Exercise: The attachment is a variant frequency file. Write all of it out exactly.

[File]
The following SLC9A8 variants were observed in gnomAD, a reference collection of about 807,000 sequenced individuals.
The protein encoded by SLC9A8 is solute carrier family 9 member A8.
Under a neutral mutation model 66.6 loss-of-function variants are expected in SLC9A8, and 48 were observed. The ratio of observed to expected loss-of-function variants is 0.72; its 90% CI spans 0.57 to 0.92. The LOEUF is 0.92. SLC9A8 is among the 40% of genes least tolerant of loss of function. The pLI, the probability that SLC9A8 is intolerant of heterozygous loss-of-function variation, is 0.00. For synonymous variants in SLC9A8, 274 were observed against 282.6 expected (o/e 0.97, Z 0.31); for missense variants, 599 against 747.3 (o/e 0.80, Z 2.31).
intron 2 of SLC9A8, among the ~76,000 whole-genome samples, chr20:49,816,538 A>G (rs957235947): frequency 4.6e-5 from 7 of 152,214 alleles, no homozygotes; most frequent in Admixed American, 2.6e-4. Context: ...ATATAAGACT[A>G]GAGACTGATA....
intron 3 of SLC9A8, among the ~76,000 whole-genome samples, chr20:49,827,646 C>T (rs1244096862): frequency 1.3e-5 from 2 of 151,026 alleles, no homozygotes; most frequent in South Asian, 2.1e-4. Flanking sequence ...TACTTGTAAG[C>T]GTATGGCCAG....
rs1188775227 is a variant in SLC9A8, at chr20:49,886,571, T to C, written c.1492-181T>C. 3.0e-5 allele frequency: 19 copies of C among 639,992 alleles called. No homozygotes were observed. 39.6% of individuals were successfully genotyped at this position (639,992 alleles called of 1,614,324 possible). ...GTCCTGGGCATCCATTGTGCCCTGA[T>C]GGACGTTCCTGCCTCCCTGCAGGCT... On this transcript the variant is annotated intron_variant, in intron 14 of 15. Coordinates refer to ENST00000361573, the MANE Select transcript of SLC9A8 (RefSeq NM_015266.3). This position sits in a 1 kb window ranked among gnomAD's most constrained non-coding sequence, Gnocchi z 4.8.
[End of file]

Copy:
The following SLC9A8 variants were observed in gnomAD, a reference collection of about 807,000 sequenced individuals.
The protein encoded by SLC9A8 is solute carrier family 9 member A8.
Under a neutral mutation model 66.6 loss-of-function variants are expected in SLC9A8, and 48 were observed. The ratio of observed to expected loss-of-function variants is 0.72; its 90% CI spans 0.57 to 0.92. The LOEUF is 0.92. SLC9A8 is among the 40% of genes least tolerant of loss of function. The pLI, the probability that SLC9A8 is intolerant of heterozygous loss-of-function variation, is 0.00. For synonymous variants in SLC9A8, 274 were observed against 282.6 expected (o/e 0.97, Z 0.31); for missense variants, 599 against 747.3 (o/e 0.80, Z 2.31).
intron 2 of SLC9A8, among the ~76,000 whole-genome samples, chr20:49,816,538 A>G (rs957235947): frequency 4.6e-5 from 7 of 152,214 alleles, no homozygotes; most frequent in Admixed American, 2.6e-4. Context: ...ATATAAGACT[A>G]GAGACTGATA....
intron 3 of SLC9A8, among the ~76,000 whole-genome samples, chr20:49,827,646 C>T (rs1244096862): frequency 1.3e-5 from 2 of 151,026 alleles, no homozygotes; most frequent in South Asian, 2.1e-4. Flanking sequence ...TACTTGTAAG[C>T]GTATGGCCAG....
rs1188775227 is a variant in SLC9A8, at chr20:49,886,571, T to C, written c.1492-181T>C. 3.0e-5 allele frequency: 19 copies of C among 639,992 alleles called. No homozygotes were observed. 39.6% of individuals were successfully genotyped at this position (639,992 alleles called of 1,614,324 possible). ...GTCCTGGGCATCCATTGTGCCCTGA[T>C]GGACGTTCCTGCCTCCCTGCAGGCT... On this transcript the variant is annotated intron_variant, in intron 14 of 15. Coordinates refer to ENST00000361573, the MANE Select transcript of SLC9A8 (RefSeq NM_015266.3). This position sits in a 1 kb window ranked among gnomAD's most constrained non-coding sequence, Gnocchi z 4.8.